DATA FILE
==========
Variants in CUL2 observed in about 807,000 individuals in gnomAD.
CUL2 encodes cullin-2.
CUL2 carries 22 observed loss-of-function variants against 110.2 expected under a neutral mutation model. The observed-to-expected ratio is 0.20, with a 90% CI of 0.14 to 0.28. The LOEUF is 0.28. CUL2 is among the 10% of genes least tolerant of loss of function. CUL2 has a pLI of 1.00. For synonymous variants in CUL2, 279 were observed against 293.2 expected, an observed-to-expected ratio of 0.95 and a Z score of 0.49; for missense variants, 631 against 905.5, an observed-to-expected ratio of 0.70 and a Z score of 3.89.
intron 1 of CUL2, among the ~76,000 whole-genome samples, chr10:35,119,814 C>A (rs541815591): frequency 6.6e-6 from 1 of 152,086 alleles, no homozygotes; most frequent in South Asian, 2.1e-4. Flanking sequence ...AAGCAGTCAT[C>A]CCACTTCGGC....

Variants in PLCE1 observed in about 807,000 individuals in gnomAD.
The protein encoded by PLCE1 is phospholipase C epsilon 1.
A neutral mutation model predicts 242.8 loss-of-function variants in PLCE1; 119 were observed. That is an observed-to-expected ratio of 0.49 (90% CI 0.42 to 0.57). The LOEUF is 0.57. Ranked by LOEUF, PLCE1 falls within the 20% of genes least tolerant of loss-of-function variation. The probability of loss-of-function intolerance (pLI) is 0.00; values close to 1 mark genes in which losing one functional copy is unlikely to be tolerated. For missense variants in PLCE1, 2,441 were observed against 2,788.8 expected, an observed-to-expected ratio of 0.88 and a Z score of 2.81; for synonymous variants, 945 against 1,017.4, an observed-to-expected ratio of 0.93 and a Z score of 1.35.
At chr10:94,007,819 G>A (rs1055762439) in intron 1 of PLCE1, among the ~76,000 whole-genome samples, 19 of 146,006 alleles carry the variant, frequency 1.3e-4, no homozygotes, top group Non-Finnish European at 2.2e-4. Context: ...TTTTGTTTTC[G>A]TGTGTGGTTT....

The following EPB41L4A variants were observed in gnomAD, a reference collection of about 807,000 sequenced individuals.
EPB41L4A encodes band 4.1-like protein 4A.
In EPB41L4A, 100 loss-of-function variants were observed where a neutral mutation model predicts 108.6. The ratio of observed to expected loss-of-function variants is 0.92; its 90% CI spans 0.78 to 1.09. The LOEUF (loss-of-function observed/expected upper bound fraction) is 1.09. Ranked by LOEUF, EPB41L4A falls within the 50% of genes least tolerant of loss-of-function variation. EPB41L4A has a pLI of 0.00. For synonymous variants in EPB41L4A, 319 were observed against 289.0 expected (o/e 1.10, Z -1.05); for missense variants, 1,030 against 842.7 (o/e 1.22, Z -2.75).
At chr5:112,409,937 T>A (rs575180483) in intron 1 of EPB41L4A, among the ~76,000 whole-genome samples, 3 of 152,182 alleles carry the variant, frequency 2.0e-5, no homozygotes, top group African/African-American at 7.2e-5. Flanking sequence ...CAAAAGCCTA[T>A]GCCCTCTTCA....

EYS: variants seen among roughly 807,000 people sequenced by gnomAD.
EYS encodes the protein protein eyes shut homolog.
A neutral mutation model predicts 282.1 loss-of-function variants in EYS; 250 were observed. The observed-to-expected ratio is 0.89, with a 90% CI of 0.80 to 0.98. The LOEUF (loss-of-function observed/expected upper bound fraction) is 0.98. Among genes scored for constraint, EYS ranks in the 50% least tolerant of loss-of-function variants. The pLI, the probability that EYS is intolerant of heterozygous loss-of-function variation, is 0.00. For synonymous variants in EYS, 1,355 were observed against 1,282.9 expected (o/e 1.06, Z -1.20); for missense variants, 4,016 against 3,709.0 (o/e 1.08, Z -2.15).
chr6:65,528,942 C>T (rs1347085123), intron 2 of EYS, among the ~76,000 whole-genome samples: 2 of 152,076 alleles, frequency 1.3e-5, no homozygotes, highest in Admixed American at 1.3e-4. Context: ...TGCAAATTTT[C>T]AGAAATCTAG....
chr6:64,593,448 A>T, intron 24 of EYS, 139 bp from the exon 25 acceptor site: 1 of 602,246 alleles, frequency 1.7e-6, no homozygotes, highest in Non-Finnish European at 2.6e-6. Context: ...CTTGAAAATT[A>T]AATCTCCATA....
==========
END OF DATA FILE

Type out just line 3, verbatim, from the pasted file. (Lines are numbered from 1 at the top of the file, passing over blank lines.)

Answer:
CUL2 carries 22 observed loss-of-function variants against 110.2 expected under a neutral mutation model. The observed-to-expected ratio is 0.20, with a 90% CI of 0.14 to 0.28. The LOEUF is 0.28. CUL2 is among the 10% of genes least tolerant of loss of function. CUL2 has a pLI of 1.00. For synonymous variants in CUL2, 279 were observed against 293.2 expected, an observed-to-expected ratio of 0.95 and a Z score of 0.49; for missense variants, 631 against 905.5, an observed-to-expected ratio of 0.70 and a Z score of 3.89.